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Introduction & Overview of I Will Fight No More Forever by Chief Joseph

This Study Guide consists of approximately 26 pages of chapter summaries, quotes, character analysis, themes, and more - everything you need to sharpen your knowledge of I Will Fight No More Forever.
This section contains 528 words
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I Will Fight No More Forever Summary & Study Guide Description

I Will Fight No More Forever Summary & Study Guide includes comprehensive information and analysis to help you understand the book. This study guide contains the following sections:

This detailed literature summary also contains Critical Essay #2 on I Will Fight No More Forever by Chief Joseph.

Introduction

"I Will Fight No More Forever" is the name given to the speech made by Chief Joseph of the Nez Perce on October 5, 1877, when the Nez Perce were forced to surrender to Colonel Nelson Miles and General O. O. Howard after the Battle of the Bear Paw Mountains. General Howard led the U.S. soldiers who, for over four months, had chased the Nez Perce—men, women, and children—from their native lands in the Wallowa Valley of eastern Oregon toward Canada. Colonel Miles came to the general's aid when it looked as though the Nez Perce might escape. Chief Joseph gave his speech to the general's adjutant (administrative staff officer), but it was also documented by journalists who had been following the progress of the Nez Perce retreat. It appeared in printed form in the November 17, 1877 issue of the magazine Harper's Weekly. Only sixteen sentences long, the speech is almost poetic in its simple brevity.

In a speech given in 1879, quoted in Native American Testimony: A Chronicle of Indian White Relations from Prophecy to the Present, 1492–1992, edited by Peter Nabokov, Chief Joseph described the Wallowa Valley where he had grown up, and where his father and other ancestors were buried, as "that beautiful valley of winding waters" that he loved "more than all the rest of the world." The valley remained safe from white encroachment until the middle of the nineteenth century, when a series of unfavorable treaties gradually shrank the Nez Perce territories. Although U.S. government officials promised to protect the heart of the Nez Perce lands from white settlement, in the spring of 1877 they broke this promise, demanding that the Nez Perce leave. Chief Joseph worked to avoid violence during the preparations for departure; however, a series of violent skirmishes broke out between incoming whites and some of the Nez Perce. The military responded but unsuccessfully fought against the Indians in the first battle of what came to be known as the Nez Perce War. The military called in reinforcements, and they pursued the Nez Perce for more than one thousand miles. The war ended with Chief Joseph's surrender that fall, but his struggle to return his people to their land was not yet over. For many years, living in exile, he continued to use his great skills as an orator and statesman to explain the history of relations between the natives and the colonists in the Northwest United States and to ask for justice and the return of the Wallowa Valley. He and his people were never allowed to return.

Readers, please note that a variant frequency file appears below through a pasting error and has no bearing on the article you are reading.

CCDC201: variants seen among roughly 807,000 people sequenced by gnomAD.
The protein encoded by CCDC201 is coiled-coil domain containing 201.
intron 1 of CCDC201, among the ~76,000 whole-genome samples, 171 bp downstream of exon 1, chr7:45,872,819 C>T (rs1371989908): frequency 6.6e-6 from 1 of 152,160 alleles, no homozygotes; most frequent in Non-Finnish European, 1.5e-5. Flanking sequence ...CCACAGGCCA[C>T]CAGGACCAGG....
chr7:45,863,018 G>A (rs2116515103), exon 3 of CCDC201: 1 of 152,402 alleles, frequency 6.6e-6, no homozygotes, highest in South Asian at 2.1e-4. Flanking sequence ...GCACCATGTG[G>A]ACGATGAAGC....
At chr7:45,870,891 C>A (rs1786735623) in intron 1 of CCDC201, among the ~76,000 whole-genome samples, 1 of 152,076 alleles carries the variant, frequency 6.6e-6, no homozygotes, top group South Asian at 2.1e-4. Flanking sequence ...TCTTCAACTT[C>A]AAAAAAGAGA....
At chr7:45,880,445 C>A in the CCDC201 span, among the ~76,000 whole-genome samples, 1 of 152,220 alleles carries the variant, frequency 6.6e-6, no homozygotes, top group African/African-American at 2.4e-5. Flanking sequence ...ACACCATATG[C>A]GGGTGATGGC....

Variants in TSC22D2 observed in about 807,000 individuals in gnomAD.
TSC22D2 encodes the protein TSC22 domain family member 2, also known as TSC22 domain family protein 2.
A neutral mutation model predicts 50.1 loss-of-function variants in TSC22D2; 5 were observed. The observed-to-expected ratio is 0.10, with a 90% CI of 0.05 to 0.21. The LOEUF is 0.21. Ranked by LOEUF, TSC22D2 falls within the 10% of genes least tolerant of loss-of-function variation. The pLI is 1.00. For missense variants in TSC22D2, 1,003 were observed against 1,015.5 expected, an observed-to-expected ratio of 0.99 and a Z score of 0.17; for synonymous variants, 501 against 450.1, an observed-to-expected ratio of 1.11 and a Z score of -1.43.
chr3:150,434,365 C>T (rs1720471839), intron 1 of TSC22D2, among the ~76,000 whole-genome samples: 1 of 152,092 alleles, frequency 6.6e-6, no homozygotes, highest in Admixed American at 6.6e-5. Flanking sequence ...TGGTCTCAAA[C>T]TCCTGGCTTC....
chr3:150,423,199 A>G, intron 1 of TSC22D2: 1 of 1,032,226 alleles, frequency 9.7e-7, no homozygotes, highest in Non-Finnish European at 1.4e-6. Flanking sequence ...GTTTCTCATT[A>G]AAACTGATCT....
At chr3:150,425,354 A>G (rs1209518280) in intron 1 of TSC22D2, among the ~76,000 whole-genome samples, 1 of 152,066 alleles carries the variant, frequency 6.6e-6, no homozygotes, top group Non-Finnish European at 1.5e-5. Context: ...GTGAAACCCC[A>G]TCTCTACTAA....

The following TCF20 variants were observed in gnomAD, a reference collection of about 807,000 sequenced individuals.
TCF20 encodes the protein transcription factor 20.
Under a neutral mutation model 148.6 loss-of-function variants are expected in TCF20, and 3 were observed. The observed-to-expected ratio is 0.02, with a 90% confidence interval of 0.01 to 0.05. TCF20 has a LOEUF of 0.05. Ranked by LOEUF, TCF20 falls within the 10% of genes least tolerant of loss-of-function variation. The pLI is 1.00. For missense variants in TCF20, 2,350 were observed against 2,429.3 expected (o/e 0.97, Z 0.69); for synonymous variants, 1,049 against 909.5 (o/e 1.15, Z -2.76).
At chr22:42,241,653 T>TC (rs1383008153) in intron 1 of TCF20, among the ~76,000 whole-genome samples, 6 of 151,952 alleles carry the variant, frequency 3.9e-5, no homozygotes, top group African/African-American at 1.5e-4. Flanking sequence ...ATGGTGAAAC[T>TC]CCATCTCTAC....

Although Chief Joseph was not himself a warlord, his surrender speech solidified his place in the minds of Americans as a powerful Indian leader—for a long time many believed he was the one who had led the greatly outnumbered Nez Perce in a series of military victories against the U.S. army. In actuality, Chief Joseph was a spokesman for and caretaker of his people, not a military leader. In his surrender speech, for instance, he focuses on the Nez Perce people's lack of food and blankets, and his desire to locate the children who had been lost during the fighting.

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This section contains 528 words
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Purchase our I Will Fight No More Forever Study Guide
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I Will Fight No More Forever from BookRags and Gale's For Students Series. ©2005-2006 Thomson Gale, a part of the Thomson Corporation. All rights reserved.
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